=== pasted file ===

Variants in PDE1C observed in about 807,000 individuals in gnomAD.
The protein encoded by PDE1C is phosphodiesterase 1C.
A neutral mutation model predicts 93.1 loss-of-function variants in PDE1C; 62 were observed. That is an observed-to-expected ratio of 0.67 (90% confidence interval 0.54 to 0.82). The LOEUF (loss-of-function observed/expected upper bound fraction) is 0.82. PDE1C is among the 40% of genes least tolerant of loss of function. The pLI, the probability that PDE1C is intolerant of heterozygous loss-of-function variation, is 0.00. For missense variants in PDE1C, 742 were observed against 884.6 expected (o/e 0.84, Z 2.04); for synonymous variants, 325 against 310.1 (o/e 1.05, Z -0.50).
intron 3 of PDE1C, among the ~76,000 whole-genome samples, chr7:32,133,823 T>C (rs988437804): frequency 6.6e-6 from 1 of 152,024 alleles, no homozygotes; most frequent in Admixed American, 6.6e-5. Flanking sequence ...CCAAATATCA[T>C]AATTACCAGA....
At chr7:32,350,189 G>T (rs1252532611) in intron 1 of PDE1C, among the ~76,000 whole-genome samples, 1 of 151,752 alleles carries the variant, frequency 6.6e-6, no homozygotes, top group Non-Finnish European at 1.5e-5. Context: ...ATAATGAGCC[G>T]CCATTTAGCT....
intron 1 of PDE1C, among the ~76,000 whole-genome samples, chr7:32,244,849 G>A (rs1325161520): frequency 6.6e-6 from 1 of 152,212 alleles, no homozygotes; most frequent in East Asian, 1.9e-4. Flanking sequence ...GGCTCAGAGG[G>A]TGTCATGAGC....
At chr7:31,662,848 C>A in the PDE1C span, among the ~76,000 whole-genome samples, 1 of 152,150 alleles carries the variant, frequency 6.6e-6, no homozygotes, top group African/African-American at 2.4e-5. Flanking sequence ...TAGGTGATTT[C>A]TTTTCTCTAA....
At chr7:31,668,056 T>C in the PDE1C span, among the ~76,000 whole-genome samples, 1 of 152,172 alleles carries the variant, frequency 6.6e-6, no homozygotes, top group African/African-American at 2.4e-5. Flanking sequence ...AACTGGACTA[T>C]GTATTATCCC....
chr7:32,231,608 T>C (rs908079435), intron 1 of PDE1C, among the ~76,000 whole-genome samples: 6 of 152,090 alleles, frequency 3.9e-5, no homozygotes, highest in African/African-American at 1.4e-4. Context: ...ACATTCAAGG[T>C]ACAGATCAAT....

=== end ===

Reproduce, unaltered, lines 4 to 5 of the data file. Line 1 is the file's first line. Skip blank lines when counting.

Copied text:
intron 3 of PDE1C, among the ~76,000 whole-genome samples, chr7:32,133,823 T>C (rs988437804): frequency 6.6e-6 from 1 of 152,024 alleles, no homozygotes; most frequent in Admixed American, 6.6e-5. Flanking sequence ...CCAAATATCA[T>C]AATTACCAGA....
At chr7:32,350,189 G>T (rs1252532611) in intron 1 of PDE1C, among the ~76,000 whole-genome samples, 1 of 151,752 alleles carries the variant, frequency 6.6e-6, no homozygotes, top group Non-Finnish European at 1.5e-5. Context: ...ATAATGAGCC[G>T]CCATTTAGCT....